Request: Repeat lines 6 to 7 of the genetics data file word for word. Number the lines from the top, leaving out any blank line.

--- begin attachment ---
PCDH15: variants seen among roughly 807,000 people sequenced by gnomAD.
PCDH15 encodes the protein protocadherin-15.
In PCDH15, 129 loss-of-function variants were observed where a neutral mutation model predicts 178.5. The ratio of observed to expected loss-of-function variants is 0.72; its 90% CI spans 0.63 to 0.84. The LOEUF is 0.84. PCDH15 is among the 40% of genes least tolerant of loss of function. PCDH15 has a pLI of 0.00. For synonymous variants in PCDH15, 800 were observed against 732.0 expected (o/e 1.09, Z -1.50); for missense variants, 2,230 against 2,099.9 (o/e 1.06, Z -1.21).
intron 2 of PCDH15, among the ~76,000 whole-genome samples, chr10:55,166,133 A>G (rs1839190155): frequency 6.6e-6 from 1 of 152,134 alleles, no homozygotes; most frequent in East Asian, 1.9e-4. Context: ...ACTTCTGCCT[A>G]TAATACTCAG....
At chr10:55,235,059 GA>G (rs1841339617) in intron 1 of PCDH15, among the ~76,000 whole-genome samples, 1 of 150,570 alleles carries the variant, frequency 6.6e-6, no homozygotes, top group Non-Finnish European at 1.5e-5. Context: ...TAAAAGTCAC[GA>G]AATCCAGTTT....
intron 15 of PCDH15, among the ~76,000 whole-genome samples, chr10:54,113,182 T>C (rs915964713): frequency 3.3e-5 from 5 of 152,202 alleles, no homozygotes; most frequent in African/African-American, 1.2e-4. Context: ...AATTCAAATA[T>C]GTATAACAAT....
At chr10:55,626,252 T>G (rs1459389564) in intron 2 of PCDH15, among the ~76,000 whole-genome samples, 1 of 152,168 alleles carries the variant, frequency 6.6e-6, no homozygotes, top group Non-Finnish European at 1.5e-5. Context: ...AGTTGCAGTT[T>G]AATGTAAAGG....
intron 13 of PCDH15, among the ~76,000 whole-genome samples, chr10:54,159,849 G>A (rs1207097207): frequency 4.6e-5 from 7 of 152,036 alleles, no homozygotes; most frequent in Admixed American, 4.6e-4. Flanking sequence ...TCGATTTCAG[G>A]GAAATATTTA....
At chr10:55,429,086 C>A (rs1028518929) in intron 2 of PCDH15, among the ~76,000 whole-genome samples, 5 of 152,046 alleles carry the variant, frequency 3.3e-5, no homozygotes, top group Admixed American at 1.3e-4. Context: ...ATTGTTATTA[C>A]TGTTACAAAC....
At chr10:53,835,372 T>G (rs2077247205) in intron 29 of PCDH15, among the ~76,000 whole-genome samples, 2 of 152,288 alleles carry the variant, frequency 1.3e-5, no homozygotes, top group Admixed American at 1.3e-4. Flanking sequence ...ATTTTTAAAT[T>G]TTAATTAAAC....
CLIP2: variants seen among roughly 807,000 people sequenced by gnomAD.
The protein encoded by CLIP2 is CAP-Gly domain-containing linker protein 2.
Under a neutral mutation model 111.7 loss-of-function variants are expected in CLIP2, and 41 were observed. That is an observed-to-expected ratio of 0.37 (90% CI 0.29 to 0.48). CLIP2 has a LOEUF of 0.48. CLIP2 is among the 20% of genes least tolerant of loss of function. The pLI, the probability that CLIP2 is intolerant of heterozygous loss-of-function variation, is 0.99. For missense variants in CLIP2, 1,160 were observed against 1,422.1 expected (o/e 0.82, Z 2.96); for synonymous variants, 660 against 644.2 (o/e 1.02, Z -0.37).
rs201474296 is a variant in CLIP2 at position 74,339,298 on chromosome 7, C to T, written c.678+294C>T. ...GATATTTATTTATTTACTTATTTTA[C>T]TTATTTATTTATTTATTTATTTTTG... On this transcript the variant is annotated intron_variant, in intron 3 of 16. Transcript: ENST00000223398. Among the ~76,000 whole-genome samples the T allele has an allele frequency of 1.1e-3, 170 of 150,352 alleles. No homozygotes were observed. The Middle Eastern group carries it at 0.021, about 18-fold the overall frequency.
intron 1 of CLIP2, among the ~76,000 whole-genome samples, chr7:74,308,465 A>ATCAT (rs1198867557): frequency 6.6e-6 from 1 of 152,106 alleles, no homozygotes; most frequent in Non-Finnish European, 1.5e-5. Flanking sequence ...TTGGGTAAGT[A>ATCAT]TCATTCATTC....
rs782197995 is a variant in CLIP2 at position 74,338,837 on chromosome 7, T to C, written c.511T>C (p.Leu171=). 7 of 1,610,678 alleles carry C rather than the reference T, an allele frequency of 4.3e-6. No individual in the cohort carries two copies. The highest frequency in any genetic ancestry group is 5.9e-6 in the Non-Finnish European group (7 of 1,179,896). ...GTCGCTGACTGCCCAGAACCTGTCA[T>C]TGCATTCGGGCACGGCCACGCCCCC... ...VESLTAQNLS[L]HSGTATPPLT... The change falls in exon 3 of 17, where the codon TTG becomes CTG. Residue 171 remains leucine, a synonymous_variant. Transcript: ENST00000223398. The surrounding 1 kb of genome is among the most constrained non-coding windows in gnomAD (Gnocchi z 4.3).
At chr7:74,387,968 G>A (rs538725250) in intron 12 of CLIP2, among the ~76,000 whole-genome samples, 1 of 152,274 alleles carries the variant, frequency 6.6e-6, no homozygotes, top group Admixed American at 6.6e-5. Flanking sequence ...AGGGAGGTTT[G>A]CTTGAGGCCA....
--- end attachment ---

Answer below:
intron 15 of PCDH15, among the ~76,000 whole-genome samples, chr10:54,113,182 T>C (rs915964713): frequency 3.3e-5 from 5 of 152,202 alleles, no homozygotes; most frequent in African/African-American, 1.2e-4. Context: ...AATTCAAATA[T>C]GTATAACAAT....
At chr10:55,626,252 T>G (rs1459389564) in intron 2 of PCDH15, among the ~76,000 whole-genome samples, 1 of 152,168 alleles carries the variant, frequency 6.6e-6, no homozygotes, top group Non-Finnish European at 1.5e-5. Context: ...AGTTGCAGTT[T>G]AATGTAAAGG....